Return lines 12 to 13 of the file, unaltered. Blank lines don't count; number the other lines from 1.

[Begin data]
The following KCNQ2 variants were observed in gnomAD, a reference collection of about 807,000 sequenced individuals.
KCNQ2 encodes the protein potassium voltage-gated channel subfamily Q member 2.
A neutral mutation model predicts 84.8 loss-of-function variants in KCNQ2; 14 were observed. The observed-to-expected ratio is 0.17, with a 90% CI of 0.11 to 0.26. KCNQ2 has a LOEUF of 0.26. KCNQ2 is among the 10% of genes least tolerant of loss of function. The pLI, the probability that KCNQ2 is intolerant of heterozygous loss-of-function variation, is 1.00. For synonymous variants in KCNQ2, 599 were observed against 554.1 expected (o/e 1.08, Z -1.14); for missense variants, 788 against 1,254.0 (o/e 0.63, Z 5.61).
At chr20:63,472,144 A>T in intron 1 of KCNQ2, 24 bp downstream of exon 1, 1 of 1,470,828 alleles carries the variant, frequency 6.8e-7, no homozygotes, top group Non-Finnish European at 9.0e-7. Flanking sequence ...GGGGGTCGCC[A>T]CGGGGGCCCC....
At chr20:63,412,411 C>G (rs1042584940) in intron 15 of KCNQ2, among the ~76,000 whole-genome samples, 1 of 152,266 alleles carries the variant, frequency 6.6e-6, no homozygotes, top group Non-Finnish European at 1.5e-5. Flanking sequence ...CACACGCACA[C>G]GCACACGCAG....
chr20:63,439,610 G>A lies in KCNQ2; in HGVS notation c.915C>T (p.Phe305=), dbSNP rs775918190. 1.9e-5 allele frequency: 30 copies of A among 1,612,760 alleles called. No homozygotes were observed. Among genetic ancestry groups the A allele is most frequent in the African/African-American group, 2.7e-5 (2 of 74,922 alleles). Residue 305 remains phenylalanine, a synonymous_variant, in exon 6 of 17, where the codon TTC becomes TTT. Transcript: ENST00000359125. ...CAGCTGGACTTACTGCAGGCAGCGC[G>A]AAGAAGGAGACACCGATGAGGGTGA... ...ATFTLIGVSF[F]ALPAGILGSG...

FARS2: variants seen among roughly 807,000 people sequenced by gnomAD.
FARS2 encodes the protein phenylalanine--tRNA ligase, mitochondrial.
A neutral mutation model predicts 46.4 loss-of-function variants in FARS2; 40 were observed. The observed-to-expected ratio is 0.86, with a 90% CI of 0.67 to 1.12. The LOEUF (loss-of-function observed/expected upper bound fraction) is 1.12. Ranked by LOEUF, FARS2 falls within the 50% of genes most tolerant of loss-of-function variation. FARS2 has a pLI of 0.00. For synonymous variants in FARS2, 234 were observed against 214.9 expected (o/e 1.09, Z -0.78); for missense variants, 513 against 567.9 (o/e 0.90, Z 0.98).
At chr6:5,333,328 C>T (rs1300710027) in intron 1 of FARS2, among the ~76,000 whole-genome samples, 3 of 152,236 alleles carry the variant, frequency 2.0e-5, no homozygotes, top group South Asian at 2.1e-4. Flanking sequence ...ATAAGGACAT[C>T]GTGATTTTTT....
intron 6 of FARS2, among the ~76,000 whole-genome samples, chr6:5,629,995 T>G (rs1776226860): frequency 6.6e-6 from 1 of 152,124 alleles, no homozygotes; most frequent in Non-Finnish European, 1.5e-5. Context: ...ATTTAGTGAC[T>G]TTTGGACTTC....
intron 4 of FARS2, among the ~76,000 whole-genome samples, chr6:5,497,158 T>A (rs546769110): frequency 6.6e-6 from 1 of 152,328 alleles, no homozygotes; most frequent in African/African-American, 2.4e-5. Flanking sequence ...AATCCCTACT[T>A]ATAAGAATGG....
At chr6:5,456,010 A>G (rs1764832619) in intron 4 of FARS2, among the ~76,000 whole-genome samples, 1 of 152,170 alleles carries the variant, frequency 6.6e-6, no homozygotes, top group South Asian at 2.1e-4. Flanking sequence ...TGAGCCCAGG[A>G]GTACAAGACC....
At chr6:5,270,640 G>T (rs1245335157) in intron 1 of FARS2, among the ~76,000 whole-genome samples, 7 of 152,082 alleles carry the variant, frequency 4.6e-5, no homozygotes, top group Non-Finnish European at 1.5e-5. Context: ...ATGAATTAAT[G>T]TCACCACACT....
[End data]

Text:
intron 4 of FARS2, among the ~76,000 whole-genome samples, chr6:5,497,158 T>A (rs546769110): frequency 6.6e-6 from 1 of 152,328 alleles, no homozygotes; most frequent in African/African-American, 2.4e-5. Flanking sequence ...AATCCCTACT[T>A]ATAAGAATGG....
At chr6:5,456,010 A>G (rs1764832619) in intron 4 of FARS2, among the ~76,000 whole-genome samples, 1 of 152,170 alleles carries the variant, frequency 6.6e-6, no homozygotes, top group South Asian at 2.1e-4. Flanking sequence ...TGAGCCCAGG[A>G]GTACAAGACC....